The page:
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Monday, October 24, 2016

Portraiture in Transition

Muhammad Ali, Cat’s Cradle (1942–2016) by Henry C. Casselli, Jr. (born 1946), oil on canvas, 1981. National Portrait Gallery, Smithsonian Institution, Washington, D.C. (NPG.2002.2)
Portraiture has been in transition since the early twentieth century and has evolved into new means of expression in contemporary art. In 1912–13, Man Ray created a dynamic, cubistic oil portrait of the notable photographer Alfred Stieglitz, now at Yale University in New Haven. Stieglitz was an influential editor, publisher, and owner of a succession of galleries in New York City, which were gathering places for artists to view the latest avant-garde American and European art and photography from 1905 to 1946. In 1918, Katherine Sophie Dreier painted an abstract, symbolic oil portrait of the artist Marcel Duchamp that is now in the Museum of Modern Art’s collection in New York. Dreier was a leading patron of modern art and noted, “Instead of painting the sitter as seen ordinarily in life, the modern artist tries to express the character . . . through abstract form and color.” In 1920, Dreier, Duchamp, and Man Ray founded the Société Anonyme in New York City, as the first “experimental museum” in America for contemporary art, which grew to have a large following of international members. Alexander Calder used this organization to exhibit his “mobiles,” as Duchamp named his moving sculptures. Calder also created whimsical, moving wire portraits of leading figures. One of his most popular series was of the celebrated dancer Josephine Baker, who performed in Paris during the late 1920s.

At a recent visit to the Pennsylvania Academy of the Fine Arts Museum in Philadelphia, I was taken by Brian Tolle’s 2012 conceptual mixed-media sculpture of George Washington, No. 1 (First Inaugural Address). The artist created a clear acrylic resin cast of Washington, with a string of glass beads emerging from the president’s mouth and spilling onto the pedestal base, each bead representing one word from his first inaugural address. This portrait is strikingly similar to the French sculptor Jean Antoine Houdon’s original life bust of Washington created at Mount Vernon in 1785. Tolle has begun a “Commander-in Chief” series of mixed-media presidential busts that feature symbolic aspects of each president’s public persona. When I walked into another gallery space at this museum, I found an artist portraying a live model in various poses, part of the Fernando Orellana: His Study of Life exhibition, which honors the centenary of the death of the Academy’s influential art teacher Thomas Cowperthwaite Eakins. Eakins’s teaching program led to a greater emphasis on the study of human anatomy. He included nude models in his classes, a practice new to American art schools in the nineteenth century.

At the Smithsonian’s National Portrait Gallery, Henry C. Casselli Jr.’s 1981 oil portrait of Muhammad Ali, entitled Cat’s Cradle, is a dramatic depiction of the strength and power of this famous athlete, as visible in his towering physique. Per author Donald Hoppes, the cat’s cradle of string “became the central motif of the Ali portrait,” referring to the ropes of the boxing ring and Ali’s unique boxing style. Ali commanded public attention as a 1960 Olympic gold medalist and three-time winner of the heavyweight crown. He also was a dedicated spokesman for social and humanitarian concerns.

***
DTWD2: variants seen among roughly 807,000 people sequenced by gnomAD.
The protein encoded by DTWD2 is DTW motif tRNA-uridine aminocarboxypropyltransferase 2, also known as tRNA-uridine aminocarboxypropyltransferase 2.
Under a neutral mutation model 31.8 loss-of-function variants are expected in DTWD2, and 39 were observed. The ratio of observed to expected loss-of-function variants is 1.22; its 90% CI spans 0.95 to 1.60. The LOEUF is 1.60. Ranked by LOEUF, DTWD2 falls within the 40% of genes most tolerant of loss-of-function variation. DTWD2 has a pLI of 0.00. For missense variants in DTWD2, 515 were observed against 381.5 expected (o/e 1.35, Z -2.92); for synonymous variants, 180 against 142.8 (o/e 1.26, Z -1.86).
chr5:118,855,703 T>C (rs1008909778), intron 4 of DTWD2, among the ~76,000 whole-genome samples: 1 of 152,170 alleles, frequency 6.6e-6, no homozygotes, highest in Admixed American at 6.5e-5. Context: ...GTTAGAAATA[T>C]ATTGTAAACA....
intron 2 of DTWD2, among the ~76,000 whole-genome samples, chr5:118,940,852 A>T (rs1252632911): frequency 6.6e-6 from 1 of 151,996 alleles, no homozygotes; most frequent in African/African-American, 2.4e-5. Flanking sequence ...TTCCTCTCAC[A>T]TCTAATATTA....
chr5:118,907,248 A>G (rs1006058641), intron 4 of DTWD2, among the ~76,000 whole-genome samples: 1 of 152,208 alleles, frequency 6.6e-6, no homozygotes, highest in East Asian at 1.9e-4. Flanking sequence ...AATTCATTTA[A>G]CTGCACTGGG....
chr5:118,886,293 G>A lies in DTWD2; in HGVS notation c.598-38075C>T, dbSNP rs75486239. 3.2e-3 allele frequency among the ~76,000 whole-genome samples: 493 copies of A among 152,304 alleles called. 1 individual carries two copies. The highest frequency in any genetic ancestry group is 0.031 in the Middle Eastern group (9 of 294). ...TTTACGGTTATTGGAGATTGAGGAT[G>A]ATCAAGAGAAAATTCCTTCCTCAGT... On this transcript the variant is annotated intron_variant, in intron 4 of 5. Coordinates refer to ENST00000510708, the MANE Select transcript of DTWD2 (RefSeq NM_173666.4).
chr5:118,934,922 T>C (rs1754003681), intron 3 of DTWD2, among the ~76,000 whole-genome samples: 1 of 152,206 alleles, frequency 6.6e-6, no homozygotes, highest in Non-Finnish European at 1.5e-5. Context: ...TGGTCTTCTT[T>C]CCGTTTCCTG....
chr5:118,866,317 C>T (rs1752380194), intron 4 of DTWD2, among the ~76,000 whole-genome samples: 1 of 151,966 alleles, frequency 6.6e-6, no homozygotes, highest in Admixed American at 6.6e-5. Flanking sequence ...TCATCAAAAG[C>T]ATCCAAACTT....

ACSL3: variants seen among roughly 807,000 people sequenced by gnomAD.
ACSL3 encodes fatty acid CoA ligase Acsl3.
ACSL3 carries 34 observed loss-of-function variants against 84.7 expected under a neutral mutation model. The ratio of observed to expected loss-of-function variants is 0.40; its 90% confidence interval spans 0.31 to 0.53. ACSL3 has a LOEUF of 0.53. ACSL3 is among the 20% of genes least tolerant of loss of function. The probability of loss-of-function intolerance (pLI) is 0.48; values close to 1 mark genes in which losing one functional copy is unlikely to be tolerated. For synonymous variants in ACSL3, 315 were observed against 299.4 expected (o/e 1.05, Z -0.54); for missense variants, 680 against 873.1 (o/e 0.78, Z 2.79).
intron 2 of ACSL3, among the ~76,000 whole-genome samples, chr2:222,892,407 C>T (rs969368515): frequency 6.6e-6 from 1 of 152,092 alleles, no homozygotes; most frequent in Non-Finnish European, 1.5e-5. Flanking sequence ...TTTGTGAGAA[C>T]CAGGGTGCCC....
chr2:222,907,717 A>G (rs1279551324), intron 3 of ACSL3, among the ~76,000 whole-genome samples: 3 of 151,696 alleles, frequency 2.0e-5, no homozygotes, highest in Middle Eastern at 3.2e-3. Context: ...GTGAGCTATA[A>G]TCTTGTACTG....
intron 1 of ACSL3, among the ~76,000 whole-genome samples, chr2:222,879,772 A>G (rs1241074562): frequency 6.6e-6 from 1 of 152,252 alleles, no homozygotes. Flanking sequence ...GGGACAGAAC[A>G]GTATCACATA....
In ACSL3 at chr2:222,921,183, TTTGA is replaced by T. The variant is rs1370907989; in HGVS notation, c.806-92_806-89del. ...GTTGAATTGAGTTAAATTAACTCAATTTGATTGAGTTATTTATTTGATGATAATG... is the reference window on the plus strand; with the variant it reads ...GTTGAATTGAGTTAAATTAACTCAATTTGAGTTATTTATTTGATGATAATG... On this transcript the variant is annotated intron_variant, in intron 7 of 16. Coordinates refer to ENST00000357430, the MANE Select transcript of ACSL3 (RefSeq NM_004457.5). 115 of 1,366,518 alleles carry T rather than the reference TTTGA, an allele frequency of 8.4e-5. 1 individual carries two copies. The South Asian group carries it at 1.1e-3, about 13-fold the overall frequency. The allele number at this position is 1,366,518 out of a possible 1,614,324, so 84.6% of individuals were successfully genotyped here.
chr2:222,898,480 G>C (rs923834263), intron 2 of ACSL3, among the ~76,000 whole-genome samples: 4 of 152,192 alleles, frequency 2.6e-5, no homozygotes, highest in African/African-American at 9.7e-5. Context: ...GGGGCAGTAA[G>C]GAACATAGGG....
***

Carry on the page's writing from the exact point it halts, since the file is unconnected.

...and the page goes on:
Esperanza Spalding, a Portrait (born 1984) by Bo Gehring (born 1941), time-based media, 2014. National Portrait Gallery, Smithsonian Institution, Washington, D.C. (NPG.2014.83)
Commissioned by the Smithsonian’s National Portrait Gallery, Bo Gehring’s mesmerizing, monumental digital video portrays jazz musician Esperanza Spalding at close range, lying down. The camera starts at her feet and slowly moves upward to her head, accompanied by Wayne Shorter’s Tarde (1974). Gehring notes that “minute actions like breathing and pulse are living, vibrant elements” of the portrait image, which “captures emotional response over time.” Meanwhile, video artist Bill Viola believes the camera is the keeper of the soul. This November, the Portrait Gallery’s first media art exhibition, Bill Viola: The Moving Portrait, will bring a new dimension of color and kinetic energy to images of the human figure.

In 1966, the Smithsonian’s National Portrait Gallery founded the Catalog of American Portraits (CAP), a national portrait archives of historically significant subjects and artists from the colonial period to current times. The public is welcome to access the online portrait search program of more than 100,000 records from the museum’s website at

Patricia H. Svoboda, Research Coordinator
Catalog of American Portraits, National Portrait Gallery

Fortune, Brandon Brame, Wendy Wick Reaves, and David C. Ward. Face Value: Portraiture in the Age of Abstraction. Washington, D.C.: National Portrait Gallery, Smithsonian Institution, in association with D. Giles Limited, 2014.

Gross, Jennifer R., ed., with contributions by Ruth L. Bohan et al. Société Anonyme: Modernism for America. New Haven: Yale University Press in association with the Yale University Art Gallery, 2006.

Reaves, Wendy Wick, et al., Eye Contact: Modern American Portrait Drawings from the National Portrait Gallery. Washington, D.C.: National Portrait Gallery, Smithsonian Institution, in association with University of Washington Press, 2002.

Outwin Boochever Portrait Competition 2013. Washington, D.C.: National Portrait Gallery, Smithsonian Institution, 2013.

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